This place is located close the top of Mt. Hymettus, 5 km east of Athens. This church was erected in the 11th century in the Greek-cross plan and dedicated to the Presentation of the Virgin. It was initially a temple to the glory of Demeter, the goddess of agriculture and nature. The actual monastery was erected with the remains of the second temple built there during the Roman period (100-300 AD), which explains the four columns supporting its dome. The 17th century wall paintings, a work of Ioannis Ipatos, can be admired in the lobby of the church.
Museum of Greek Folk art
This museum is very fascinating and very different from the other Athenian museums, since it is housing wealthy collections of objects representing all branches of folk art from 1650 till today. Visitors will be able to admire objects like embroidery, weaving, costumes, masquerades and more. The museum is situated in Plaka, 17, Kydathineon Street.
Temple of Olympian Zeus
The greatest temple of Greece was started by Peisistratos in the 6th century BC, but was abandoned for insufficiency of money. This was one of largest temples in the ancient world, being dedicated to the god of all gods, Zeus. Building work began in 515BC, but was only completed some 700 years later in AD 131 under the Roman Emperor Hadrian. Today, 16 of the original 104 marble columns, which are 17m (56ft) high, survive. On the edge of the place stands the triumphal arch named Hadrian’s Arch.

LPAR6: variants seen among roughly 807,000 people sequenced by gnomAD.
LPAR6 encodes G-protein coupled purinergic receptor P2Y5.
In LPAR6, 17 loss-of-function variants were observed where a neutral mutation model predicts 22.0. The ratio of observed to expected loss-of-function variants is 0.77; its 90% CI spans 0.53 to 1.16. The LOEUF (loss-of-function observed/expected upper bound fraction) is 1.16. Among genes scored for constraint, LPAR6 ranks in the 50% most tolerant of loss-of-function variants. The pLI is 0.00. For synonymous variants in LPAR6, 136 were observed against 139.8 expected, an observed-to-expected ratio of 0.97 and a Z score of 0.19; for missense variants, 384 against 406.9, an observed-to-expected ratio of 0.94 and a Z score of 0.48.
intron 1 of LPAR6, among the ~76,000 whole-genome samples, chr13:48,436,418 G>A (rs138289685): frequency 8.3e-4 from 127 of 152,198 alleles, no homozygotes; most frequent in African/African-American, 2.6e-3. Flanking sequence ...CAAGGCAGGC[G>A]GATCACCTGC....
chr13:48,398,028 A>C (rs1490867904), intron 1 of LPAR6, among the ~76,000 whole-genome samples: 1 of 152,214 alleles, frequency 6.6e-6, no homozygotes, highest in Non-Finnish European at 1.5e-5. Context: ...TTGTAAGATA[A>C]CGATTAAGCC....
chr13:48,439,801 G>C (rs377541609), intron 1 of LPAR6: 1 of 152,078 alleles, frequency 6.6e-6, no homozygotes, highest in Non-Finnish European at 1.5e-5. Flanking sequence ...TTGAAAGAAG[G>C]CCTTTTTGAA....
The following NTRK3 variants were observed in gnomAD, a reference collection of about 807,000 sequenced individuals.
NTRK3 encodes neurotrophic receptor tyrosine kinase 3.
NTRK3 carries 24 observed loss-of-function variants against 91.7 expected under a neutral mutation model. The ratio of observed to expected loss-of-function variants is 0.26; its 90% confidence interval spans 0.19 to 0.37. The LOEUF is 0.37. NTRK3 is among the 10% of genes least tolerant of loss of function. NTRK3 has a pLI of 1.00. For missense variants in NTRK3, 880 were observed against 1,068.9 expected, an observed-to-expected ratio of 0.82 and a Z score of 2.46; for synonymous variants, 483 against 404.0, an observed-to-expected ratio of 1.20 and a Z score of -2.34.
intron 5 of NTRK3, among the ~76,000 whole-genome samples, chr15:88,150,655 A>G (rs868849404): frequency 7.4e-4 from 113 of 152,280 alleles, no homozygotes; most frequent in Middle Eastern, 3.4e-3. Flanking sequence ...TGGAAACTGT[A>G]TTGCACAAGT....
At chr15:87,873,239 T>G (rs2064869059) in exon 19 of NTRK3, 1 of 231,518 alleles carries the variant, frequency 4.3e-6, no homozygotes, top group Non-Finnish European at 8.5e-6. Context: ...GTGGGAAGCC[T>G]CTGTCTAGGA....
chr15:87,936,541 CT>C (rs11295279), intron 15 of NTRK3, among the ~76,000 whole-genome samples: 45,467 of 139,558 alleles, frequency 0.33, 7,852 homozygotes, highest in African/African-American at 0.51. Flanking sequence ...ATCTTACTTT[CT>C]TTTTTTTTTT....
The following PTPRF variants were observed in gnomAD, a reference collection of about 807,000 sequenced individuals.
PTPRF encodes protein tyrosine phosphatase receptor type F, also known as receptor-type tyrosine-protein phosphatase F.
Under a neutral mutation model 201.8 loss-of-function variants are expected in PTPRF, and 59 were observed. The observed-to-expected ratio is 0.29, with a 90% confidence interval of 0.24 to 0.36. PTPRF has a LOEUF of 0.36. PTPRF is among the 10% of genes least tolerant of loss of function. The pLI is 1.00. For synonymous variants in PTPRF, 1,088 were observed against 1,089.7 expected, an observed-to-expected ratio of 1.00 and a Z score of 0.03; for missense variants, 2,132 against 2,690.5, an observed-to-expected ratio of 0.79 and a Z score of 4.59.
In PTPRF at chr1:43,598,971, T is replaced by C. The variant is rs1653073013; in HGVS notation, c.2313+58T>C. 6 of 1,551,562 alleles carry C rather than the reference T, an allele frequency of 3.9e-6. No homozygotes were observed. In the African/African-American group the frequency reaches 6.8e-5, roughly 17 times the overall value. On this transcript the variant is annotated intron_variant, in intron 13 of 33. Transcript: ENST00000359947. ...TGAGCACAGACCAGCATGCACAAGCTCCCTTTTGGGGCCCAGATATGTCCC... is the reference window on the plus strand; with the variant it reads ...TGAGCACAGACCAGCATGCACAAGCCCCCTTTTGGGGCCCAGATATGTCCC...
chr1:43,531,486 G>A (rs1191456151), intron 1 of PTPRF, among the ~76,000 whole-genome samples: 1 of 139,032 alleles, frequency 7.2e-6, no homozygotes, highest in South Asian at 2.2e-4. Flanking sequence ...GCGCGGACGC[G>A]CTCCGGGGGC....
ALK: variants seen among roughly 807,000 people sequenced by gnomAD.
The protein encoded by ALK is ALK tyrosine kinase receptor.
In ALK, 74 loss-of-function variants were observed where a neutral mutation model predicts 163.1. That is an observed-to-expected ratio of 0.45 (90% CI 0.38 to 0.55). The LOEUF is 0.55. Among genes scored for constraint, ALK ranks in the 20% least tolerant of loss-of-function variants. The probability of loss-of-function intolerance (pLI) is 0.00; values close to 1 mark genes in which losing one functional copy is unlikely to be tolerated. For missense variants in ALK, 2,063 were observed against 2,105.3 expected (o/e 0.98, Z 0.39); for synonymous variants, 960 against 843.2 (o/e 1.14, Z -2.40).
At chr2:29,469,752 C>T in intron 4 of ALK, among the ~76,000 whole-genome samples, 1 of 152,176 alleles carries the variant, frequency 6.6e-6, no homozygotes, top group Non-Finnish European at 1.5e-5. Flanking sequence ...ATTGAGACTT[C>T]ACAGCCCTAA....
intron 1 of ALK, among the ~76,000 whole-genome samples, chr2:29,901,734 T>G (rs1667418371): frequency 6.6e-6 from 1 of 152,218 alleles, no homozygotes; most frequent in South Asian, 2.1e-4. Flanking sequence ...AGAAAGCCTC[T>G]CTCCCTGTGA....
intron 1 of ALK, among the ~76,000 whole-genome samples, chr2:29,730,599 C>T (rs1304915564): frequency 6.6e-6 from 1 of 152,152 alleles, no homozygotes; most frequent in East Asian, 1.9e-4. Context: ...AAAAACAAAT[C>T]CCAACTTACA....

The Byzantine and Christian Museum
This museum was founded in 1914 and is introducing an essential collection of Greek ecclesiastical art from the 4th century to the 19th century: Byzantine and post- Byzantine icons, sculpture, manuscripts, wall paintings, mosaics, wood carvings and several objects (cloth, coins, pottery, etc). The Museum is situated in the central neighbourhood of Kolonaki, 22 Vassilis Sofias Av.
The church of the Holy Apostles
This church was erected in the 11th century in the name of St Paul who used to teach and preach in the Agora. It is staying nearby the southern entrance of the Ancient Agora. It got renovated to its original form in 1954-57, whilst its 19th century additions were removed. Fine Byzantine wall paintings can be admired inside this wonderful little church.
The church of Agii Theodori
This small church, located west of Plateia Klafthmonos, was probably built over the ruins of an earlier construction and is possibly the oldest Byzantine church in Athens. Throughout the opening phase of the Greek Revolution in 1821 the church was severely damaged, but was restored in 1840. It is a attractive structure with walls built in the typical cloisonné masonry and decorated with brick, Cufic ornaments and terracotta frieze of animals and plants. The paintings in the interior wall are dated to the 19th century.
The National Archaeological Museum of Athens
The National Archaeological Museum of Athens is the most greatest and most significant museum in Greece, and his exhibits are between the finest collections of the world. One can admire prehistoric items, sculptures, pottery and minor art, bronzes and Egyptian art, everything followed by detailed explanations in English. Some of the temporary exhibitions organised by the museum must not be missed. It is situated close the Omonoia square, on Patission Street 44.